Intellectual disabilityGene: ODC1 Green List (high evidence)
Comment on list classification: Changing rating from grey to green. 5 unrelated cases with likely disease causing variants. All de novo. Variants cause a gain-of-function.
Created: 14 Feb 2019, 2:46 p.m.
PMID: 30239107 (Bupp et al 2018) - 1 patient with heterozygous de novo nonsense mutation in the ODC1 gene (c.1342 A>T) identified by whole exome sequencing. Phenotypic manifestations include macrosomia, macrocephaly, developmental delay, alopecia, spasticity, hypotonia, cutaneous vascular malformation, delayed visual maturation, and sensorineural hearing loss. Red blood cells from the patient showed elevated ODC protein and polyamine levels compared to healthy controls indicating that this is a gain-of-function variant.
PMID: 30475435 (Rodan et al 2018) - 4 patients (1 stillborn) with a distinct neurometabolic disorder associated with de novo heterozygous, gain-of-function variants in the ODC1 gene. 4 different variants found. This disorder presents with global developmental delay, ectodermal abnormalities including alopecia, absolute or relative macrocephaly, and characteristic facial dysmorphisms. No epilepsy observed. None of the reported variants are found in the Broad. gnomAD database. The variants are predicted to have a gain-of-function effect as the mutant protein escapes nonsense‐mediated decay (NMD) and has reduced degradation compared to wild‐type.
Created: 14 Feb 2019, 2:44 p.m.
Green List (high evidence)
PMIDs 30239107 and 30475435 report on 5 cases of de novo truncating ODC1 variants in unrelated families. One concerned a stillborn male. The 4 remaining individuals presented with a similar phenotype consisting of alopecia and other ectodermal anomalies, DD/ID, relative or absolute macrocephaly and common facial features. DD/ID was severe in some instances and many of these individuals had extensive prior testing for other disorders (Fragile-X, PTEN, SLC2A1, chromosomal disorders, etc).
ODC1 (ornithine decarboxylase 1) converts enzymatically ornithine to putrescine. All variants reported to date are truncating but lead to gain-of-function. Specifically they affect a 37 amino acid c-terminal destabilization region critical for the degradation of ODC1 and - as a result - lead to increased levels of ODC1 as well as putrescine.
A mouse model with identical phenotype has been described several years ago.
The role of ODC inhibitors is extensively discussed in both publications.
Thus, ODC1 can be considered for inclusion in the ID panel as green (or amber).
Sources: Literature, Expert Review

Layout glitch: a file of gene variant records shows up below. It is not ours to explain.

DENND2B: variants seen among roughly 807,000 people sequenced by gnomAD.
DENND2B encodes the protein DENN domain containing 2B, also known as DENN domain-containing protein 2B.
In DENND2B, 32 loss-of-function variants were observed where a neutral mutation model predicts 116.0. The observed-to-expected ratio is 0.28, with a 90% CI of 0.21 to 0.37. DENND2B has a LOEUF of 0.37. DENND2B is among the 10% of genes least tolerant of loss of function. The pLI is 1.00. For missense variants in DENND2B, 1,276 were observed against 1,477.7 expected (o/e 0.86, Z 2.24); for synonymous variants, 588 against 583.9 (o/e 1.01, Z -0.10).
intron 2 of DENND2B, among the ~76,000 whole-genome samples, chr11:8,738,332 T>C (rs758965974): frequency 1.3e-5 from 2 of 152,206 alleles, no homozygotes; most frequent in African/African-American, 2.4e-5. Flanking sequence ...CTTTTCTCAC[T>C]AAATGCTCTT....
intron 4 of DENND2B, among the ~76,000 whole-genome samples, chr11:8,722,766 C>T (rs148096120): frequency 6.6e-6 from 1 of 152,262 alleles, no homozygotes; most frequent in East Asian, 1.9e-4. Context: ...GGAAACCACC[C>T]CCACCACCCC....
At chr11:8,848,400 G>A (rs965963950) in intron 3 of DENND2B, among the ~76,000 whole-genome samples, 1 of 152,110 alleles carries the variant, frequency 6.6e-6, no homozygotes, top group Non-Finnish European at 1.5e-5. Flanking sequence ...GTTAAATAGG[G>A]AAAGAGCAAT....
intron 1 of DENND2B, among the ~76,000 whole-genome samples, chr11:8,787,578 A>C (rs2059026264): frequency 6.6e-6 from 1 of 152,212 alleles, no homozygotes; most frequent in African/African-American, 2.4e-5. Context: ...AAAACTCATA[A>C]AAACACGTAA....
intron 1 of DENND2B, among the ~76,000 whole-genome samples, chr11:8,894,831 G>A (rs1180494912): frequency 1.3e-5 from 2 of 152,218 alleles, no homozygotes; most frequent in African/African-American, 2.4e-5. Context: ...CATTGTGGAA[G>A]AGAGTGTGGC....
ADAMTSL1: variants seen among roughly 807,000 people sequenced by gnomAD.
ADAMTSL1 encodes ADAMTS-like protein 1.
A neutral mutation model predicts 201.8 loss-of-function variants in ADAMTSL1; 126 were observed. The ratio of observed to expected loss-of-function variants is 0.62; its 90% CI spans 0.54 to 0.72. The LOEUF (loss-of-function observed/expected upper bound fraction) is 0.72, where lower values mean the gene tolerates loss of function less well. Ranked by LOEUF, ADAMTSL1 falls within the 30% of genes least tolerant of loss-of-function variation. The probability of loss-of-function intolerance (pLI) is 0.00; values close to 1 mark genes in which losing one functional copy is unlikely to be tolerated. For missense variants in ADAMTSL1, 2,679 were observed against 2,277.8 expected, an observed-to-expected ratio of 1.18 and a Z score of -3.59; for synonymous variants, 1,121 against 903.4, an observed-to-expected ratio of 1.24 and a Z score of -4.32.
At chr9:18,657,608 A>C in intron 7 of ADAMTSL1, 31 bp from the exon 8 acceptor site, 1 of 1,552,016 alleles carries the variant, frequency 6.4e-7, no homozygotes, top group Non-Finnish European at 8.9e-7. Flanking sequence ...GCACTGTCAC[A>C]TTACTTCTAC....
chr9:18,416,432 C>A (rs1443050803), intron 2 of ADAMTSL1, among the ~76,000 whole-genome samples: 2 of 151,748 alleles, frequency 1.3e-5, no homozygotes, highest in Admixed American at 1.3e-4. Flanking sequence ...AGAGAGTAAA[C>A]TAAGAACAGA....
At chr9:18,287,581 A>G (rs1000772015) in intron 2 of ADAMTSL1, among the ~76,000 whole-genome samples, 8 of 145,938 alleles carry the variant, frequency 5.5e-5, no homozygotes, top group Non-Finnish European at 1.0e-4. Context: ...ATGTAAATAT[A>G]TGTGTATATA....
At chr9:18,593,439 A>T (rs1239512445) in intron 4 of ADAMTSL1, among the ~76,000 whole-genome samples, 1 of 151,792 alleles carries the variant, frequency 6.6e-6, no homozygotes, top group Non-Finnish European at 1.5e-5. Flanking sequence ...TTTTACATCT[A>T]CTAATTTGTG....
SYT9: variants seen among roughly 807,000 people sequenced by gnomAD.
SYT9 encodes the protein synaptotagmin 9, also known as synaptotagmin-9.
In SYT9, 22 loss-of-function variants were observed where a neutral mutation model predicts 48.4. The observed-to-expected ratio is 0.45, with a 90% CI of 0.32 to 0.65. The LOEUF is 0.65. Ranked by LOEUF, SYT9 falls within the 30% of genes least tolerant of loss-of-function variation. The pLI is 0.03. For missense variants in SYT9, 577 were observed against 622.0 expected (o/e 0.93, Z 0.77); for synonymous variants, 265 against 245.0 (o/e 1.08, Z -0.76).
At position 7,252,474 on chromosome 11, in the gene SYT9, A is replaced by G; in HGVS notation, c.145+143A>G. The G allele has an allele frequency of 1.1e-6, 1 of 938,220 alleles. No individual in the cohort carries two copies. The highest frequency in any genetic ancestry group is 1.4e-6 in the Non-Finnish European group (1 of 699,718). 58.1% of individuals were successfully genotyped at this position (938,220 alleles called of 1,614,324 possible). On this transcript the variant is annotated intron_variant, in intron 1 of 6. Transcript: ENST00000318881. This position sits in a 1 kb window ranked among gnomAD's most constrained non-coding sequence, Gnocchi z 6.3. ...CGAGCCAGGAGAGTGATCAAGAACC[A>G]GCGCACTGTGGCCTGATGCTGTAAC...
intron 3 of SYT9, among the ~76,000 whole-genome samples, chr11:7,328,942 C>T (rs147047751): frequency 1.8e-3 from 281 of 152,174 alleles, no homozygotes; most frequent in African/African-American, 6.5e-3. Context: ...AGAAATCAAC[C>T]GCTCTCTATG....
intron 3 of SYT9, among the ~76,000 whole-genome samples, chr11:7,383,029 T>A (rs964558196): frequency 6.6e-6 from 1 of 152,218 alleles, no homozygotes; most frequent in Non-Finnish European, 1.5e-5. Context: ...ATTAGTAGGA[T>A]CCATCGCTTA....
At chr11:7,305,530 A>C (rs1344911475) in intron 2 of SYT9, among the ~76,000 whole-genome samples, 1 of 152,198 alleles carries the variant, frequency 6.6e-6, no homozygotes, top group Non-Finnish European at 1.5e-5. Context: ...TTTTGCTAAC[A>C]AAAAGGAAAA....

Created: 29 Nov 2018, 1:01 p.m.
Mode of inheritance
MONOALLELIC, autosomal or pseudoautosomal, imprinted status unknown
Global developmental delay; Intellectual disability; Macrocephaly; Alopecia; Ectodermal dysplasia
Gene: odc1 has been classified as Green List (High Evidence).
gene: ODC1 was added gene: ODC1 was added to Intellectual disability. Sources: Literature,Expert Review Mode of inheritance for gene: ODC1 was set to MONOALLELIC, autosomal or pseudoautosomal, imprinted status unknown Publications for gene: ODC1 were set to 30239107; 30475435 Phenotypes for gene: ODC1 were set to Global developmental delay; Intellectual disability; Macrocephaly; Alopecia; Ectodermal dysplasia Penetrance for gene: ODC1 were set to unknown Review for gene: ODC1 was set to GREEN
If promoting or demoting a gene, please provide comments to justify a decision to move it.
Genes included in a Genomics England gene panel for a rare disease category (green list) should fit the criteria A-E outlined below.
These guidelines were developed as a combination of the ClinGen DEFINITIVE evidence for a causal role of the gene in the disease(a), and the Developmental Disorder Genotype-Phenotype (DDG2P) CONFIRMED DD Gene evidence level(b) (please see the original references provided below for full details). These help provide a guideline for expert reviewers when assessing whether a gene should be on the green or the red list of a panel.
A. There are plausible disease-causing mutations(i) within, affecting or encompassing an interpretable functional region(ii) of this gene identified in multiple (>3) unrelated cases/families with the phenotype(iii).
B. There are plausible disease-causing mutations(i) within, affecting or encompassing cis-regulatory elements convincingly affecting the expression of a single gene identified in multiple (>3) unrelated cases/families with the phenotype(iii).
C. As definitions A or B but in 2 or 3 unrelated cases/families with the phenotype, with the addition of convincing bioinformatic or functional evidence of causation e.g. known inborn error of metabolism with mutation in orthologous gene which is known to have the relevant deficient enzymatic activity in other species; existence of an animal model which recapitulates the human phenotype.